wk at gnupg.org
Thu May 6 10:03:04 CEST 2010
On Thu, 6 May 2010 00:09, matteo.sasso at gmail.com said:
> thread a quick benchmark by Werner Koch showed that about 5 million
> iterations is a good challenge for today's hardware, as it kept his PC
FWIW, "iterations" as used here is an approximation and not the real
number of loops to run. The OpenPGP scheme depends on the lengths of
the passphrase and the selected hash algorithm.
> - Iteration count is really important to protect a passphrase (and
> data) in a symmetric encryption scenario. Think encrypted, remote
I don't agree. The main goal of the salted+iterated protection
mechanism is to thwart dictionary+brute-force attacks on week
passphrases. It is a failstop mechanism and proper security design
should never ever rely on this mechanism.
For symmetric only encryption you need to use a strong key which may be
derived from a proper passphrases. The accepted standard is a 128 bit
key which you should derive in a way that it reflects 128 bit of entropy
(most security policies view 80 to 90 bits as sufficient). It is not
possible to remember such a long key without noting it down. For such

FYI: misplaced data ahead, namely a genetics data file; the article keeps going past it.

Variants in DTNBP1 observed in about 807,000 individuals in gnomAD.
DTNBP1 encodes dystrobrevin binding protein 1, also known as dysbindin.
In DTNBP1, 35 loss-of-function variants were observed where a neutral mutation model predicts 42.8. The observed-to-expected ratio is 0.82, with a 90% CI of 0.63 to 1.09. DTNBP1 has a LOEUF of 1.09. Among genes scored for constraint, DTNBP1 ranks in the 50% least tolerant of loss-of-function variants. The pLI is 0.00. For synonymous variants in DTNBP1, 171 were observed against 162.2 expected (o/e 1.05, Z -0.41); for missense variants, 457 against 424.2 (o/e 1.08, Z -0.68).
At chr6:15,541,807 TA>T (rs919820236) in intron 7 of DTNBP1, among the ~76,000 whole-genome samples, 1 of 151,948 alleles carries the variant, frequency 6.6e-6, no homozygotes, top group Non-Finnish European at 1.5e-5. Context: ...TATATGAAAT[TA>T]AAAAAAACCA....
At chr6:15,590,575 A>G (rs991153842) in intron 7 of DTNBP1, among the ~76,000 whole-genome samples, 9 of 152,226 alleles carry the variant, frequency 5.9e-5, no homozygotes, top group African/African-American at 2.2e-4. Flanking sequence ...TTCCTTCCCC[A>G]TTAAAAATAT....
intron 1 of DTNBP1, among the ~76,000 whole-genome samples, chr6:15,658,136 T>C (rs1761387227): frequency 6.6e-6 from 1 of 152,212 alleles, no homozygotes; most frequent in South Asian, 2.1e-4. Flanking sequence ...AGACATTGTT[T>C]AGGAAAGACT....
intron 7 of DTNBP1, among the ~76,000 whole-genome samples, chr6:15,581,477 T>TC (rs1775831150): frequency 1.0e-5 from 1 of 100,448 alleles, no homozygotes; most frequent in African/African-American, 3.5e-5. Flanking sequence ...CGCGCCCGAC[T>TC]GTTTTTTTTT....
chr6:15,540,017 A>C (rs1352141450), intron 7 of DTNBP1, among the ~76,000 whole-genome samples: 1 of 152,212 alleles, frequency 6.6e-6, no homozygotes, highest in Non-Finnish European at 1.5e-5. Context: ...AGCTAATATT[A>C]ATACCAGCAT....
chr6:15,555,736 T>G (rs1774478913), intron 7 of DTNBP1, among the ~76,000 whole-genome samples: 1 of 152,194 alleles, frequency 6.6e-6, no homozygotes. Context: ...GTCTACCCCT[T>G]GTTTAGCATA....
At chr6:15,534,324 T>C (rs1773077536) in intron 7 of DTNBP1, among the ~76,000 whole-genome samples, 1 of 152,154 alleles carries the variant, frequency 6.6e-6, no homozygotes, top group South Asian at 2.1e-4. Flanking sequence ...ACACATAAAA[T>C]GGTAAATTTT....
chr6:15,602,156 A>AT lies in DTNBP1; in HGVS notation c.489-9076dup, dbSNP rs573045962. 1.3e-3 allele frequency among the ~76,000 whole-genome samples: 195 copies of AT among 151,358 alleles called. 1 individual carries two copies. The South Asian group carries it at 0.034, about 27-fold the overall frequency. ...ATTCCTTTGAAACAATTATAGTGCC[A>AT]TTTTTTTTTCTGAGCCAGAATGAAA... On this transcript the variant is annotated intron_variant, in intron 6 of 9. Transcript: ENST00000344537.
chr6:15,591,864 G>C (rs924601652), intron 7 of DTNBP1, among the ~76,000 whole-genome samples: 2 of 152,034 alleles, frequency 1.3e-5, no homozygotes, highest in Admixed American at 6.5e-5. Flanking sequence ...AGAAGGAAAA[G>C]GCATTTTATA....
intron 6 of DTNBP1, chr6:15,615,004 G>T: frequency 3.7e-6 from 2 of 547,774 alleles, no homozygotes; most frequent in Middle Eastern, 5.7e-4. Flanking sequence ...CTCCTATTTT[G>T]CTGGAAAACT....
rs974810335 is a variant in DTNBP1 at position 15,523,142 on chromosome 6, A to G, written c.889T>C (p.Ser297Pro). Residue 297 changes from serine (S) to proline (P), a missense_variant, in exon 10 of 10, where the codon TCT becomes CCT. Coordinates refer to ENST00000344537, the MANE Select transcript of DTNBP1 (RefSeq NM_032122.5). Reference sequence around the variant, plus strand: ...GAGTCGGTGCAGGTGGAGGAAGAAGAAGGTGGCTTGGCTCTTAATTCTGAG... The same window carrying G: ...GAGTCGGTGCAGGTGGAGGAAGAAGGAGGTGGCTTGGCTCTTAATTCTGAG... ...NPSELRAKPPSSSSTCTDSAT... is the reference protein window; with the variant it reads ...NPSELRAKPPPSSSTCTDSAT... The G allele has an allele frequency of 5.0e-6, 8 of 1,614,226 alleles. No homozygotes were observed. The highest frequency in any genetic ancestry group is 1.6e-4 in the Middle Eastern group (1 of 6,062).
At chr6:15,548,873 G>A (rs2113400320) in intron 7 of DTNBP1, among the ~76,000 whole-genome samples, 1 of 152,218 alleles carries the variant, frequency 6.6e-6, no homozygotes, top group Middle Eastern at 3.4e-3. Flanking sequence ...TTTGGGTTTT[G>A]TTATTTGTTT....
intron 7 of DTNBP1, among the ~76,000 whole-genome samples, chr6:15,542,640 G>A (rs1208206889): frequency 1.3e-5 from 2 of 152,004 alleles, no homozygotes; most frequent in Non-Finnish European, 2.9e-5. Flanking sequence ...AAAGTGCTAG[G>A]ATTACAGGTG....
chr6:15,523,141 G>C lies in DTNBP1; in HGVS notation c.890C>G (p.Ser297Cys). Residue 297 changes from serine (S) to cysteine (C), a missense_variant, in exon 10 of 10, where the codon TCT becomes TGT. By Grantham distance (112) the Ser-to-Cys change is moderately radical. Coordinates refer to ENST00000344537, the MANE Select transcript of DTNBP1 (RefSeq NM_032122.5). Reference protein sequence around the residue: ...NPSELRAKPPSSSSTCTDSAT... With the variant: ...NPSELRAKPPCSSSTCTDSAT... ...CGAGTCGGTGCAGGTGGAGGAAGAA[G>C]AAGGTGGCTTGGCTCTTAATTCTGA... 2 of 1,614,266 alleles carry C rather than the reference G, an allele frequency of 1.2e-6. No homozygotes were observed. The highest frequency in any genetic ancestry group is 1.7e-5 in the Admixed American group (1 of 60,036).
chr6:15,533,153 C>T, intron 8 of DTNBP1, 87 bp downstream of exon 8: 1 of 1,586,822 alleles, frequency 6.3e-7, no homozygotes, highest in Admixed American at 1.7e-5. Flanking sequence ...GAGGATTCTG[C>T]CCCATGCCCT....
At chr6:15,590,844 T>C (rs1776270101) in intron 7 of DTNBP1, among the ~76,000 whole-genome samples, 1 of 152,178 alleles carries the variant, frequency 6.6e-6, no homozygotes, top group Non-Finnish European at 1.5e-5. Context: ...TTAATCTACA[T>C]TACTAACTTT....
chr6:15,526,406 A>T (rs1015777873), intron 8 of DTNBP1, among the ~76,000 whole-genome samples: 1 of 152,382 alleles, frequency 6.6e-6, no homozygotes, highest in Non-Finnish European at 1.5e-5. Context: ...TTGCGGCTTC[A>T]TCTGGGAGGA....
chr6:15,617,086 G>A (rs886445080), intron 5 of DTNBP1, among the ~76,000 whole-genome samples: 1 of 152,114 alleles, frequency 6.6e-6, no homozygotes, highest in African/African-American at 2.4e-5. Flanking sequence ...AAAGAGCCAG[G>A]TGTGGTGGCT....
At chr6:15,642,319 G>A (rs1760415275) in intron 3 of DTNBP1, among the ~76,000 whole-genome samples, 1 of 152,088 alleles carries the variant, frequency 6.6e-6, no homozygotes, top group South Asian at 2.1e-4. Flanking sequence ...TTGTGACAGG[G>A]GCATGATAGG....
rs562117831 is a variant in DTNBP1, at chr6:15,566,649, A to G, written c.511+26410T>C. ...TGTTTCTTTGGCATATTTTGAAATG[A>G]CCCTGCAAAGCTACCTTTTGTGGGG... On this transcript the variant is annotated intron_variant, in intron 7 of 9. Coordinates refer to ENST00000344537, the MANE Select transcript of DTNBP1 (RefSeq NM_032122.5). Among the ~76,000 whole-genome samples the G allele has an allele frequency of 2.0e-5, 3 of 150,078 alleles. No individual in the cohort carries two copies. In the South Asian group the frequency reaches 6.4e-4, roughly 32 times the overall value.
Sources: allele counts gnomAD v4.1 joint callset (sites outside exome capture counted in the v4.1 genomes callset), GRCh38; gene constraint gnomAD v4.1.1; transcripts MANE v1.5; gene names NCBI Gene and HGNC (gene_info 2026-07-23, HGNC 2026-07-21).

valuable data you can't rely on one or two human brains to remember such
a key. The conclusion is that you need to use a key management system -
external to gpg - if you want to use symmetric encryption.
For public key encryption the passphrase is only used to protect the
secret part of the key. It has never been claimed that this will give
you protection in the same range as the actual public key encryption -
it merely gives you some time to prepare for the key compromise. For
highly secure stuff you would use a physical secure machine to hold the
secret key; which in the simplest case maybe a smartcard.
Die Gedanken sind frei. Ausnahmen regelt ein Bundesgesetz.
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